Q

From child soldier to Juno nominee: Emmanuel Jal finds joy in painful past

When Emmanuel Jal was just seven years old, he was forced to become a child soldier in Sudan. He tells us how songwriting has helped him escape the trauma of his past.
Emmanuel Jal with guest host Angeline Tetteh-Wayoe in the q studio in Toronto, Ont. (Vivian Rashotte/CBC)
Listen18:29

When Emmanuel Jal was just seven years old, he was forced to become a child soldier in Sudan. He was separated from his family and surrounded by conflict until he eventually escaped and rediscovered joy in music. 

Jal now lives in Toronto and his latest album, Naath, is nominated for Best World Music Album at this year's Juno Awards. The album has also given Jal the chance to reconnect with his sister, Nyaruach, who still lives in the Kakuma refugee camp in Kenya with other refugees of the war in Sudan.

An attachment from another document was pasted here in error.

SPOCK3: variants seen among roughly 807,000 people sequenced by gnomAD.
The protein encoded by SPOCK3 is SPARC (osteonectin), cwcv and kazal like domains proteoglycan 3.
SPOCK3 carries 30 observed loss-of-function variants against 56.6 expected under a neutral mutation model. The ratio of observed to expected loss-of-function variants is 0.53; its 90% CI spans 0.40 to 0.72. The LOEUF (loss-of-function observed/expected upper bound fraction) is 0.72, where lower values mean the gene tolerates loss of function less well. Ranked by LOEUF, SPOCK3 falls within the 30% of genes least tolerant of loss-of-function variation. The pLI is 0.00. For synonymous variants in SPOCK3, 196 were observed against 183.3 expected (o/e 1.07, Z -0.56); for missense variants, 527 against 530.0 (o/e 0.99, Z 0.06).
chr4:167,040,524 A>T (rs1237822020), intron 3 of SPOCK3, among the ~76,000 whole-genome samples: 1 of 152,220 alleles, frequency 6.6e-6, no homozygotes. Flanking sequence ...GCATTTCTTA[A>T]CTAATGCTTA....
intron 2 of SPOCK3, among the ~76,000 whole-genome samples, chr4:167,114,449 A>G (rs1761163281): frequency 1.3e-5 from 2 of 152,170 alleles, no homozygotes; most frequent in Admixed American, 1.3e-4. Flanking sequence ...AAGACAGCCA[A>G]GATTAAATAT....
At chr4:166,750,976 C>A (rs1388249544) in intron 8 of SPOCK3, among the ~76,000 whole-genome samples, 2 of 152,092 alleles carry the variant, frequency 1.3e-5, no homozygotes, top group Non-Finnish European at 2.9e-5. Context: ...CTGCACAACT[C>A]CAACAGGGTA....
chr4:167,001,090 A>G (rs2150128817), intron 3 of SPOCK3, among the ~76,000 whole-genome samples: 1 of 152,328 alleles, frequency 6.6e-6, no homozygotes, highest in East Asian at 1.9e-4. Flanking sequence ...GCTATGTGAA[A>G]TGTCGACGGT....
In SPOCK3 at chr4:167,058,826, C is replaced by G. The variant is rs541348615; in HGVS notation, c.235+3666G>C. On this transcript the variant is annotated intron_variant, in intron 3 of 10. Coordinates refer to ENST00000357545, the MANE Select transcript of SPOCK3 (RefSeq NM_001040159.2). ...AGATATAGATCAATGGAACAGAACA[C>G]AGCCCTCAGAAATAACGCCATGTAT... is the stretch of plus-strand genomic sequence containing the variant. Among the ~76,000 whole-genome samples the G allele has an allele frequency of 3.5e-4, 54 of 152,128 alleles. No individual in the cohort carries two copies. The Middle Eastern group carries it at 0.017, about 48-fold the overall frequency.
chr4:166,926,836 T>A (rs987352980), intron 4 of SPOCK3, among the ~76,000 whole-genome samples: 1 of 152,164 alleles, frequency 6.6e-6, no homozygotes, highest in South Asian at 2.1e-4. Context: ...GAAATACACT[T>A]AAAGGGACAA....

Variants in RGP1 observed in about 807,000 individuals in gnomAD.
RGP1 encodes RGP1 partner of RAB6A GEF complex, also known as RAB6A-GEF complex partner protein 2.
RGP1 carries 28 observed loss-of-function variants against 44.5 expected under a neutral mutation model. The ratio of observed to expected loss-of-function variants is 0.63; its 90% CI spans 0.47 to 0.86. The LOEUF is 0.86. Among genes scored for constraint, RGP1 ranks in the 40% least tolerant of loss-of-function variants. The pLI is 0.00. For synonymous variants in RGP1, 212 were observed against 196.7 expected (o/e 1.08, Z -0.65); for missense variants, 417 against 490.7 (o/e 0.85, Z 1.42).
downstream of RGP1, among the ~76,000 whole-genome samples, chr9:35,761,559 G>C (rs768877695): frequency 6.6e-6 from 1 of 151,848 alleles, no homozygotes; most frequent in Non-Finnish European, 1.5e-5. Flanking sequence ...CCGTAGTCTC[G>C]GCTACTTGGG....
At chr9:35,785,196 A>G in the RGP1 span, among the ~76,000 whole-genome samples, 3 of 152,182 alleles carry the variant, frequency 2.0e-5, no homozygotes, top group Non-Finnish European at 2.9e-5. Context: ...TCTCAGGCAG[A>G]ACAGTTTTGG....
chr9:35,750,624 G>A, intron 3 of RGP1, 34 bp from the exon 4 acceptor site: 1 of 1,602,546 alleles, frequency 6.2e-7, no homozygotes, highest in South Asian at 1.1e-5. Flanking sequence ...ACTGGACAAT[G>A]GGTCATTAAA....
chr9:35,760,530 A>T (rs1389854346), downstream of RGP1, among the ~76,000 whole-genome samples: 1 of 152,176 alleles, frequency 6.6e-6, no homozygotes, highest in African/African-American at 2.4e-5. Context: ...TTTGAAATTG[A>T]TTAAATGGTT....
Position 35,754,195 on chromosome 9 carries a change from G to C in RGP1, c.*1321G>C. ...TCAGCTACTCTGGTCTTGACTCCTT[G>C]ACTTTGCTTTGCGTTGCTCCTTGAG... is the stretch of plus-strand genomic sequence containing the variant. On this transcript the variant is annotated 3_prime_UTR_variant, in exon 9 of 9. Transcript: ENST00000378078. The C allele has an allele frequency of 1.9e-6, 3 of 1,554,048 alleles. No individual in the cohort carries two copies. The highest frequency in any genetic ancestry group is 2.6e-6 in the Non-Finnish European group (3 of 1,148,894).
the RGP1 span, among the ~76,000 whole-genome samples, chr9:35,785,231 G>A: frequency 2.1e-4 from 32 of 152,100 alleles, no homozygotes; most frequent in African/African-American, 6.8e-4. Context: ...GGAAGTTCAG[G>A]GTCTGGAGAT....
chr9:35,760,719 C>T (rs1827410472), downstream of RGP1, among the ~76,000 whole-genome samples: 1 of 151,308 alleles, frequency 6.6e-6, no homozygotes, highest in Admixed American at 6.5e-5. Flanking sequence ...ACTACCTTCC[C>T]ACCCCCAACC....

In a conversation with q guest host Angeline Tetteh-Wayoe, Jal shares his earliest memories of being a child soldier and how songwriting has helped him escape the trauma of his past.

"[Music] is a place I get to go to heaven," said Jal. "This is where I get to become a child. This is where I get to dance."

The art for Emmanuel Jal's album Juno-nominated album, Naath. (Gatwitch Records)

Wherever you are in the world, you can watch the Junos on Sunday, March 17. Stream the show live at CBCmusic.ca/junos, CBC Music FacebookCBC Music TwitterCBC Music YouTubeCBC Gem and on CBC TV.

Click 'listen' near the top of this page to hear the full conversation with Emmanuel Jal.

Produced by Ben Jamieson

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